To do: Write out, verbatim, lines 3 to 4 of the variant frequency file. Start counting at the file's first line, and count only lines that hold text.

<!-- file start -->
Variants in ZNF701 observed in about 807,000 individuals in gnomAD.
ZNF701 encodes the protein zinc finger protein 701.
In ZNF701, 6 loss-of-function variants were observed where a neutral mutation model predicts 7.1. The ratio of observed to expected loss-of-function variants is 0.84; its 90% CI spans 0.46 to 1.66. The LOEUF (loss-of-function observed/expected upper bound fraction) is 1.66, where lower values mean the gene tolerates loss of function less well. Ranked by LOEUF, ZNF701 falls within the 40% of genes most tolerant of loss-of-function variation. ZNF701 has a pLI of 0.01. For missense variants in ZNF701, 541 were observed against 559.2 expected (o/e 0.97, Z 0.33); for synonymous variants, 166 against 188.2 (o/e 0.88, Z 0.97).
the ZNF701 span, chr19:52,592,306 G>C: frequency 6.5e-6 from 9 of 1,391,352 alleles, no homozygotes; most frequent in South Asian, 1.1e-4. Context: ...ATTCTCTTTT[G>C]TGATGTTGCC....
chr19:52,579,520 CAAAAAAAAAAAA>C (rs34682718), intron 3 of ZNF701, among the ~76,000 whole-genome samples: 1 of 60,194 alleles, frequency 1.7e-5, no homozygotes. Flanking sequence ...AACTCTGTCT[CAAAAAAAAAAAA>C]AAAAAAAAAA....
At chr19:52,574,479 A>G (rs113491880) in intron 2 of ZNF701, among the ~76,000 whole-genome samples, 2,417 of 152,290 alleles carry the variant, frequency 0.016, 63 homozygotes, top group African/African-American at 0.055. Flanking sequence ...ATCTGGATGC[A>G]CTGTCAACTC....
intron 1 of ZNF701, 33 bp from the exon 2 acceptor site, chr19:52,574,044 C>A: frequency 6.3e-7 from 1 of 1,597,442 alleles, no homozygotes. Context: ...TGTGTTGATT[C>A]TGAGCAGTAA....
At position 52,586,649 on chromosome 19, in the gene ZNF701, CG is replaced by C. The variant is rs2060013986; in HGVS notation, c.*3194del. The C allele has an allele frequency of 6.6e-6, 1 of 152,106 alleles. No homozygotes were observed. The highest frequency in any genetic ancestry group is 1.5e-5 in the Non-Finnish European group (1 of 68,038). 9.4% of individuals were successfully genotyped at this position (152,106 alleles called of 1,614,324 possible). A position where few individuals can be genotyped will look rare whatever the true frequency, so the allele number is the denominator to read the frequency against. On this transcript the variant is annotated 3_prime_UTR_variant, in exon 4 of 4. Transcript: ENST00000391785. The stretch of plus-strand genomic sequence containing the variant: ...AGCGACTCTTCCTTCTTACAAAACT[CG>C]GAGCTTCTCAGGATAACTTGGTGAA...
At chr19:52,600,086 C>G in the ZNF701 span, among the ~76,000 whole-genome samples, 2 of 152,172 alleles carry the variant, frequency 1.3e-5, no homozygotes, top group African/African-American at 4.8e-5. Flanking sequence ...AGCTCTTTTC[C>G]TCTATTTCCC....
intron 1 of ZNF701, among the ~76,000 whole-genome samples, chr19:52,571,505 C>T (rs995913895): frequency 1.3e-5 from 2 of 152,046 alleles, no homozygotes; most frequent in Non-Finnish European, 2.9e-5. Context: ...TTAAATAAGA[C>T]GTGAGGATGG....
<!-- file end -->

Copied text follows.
In ZNF701, 6 loss-of-function variants were observed where a neutral mutation model predicts 7.1. The ratio of observed to expected loss-of-function variants is 0.84; its 90% CI spans 0.46 to 1.66. The LOEUF (loss-of-function observed/expected upper bound fraction) is 1.66, where lower values mean the gene tolerates loss of function less well. Ranked by LOEUF, ZNF701 falls within the 40% of genes most tolerant of loss-of-function variation. ZNF701 has a pLI of 0.01. For missense variants in ZNF701, 541 were observed against 559.2 expected (o/e 0.97, Z 0.33); for synonymous variants, 166 against 188.2 (o/e 0.88, Z 0.97).
the ZNF701 span, chr19:52,592,306 G>C: frequency 6.5e-6 from 9 of 1,391,352 alleles, no homozygotes; most frequent in South Asian, 1.1e-4. Context: ...ATTCTCTTTT[G>C]TGATGTTGCC....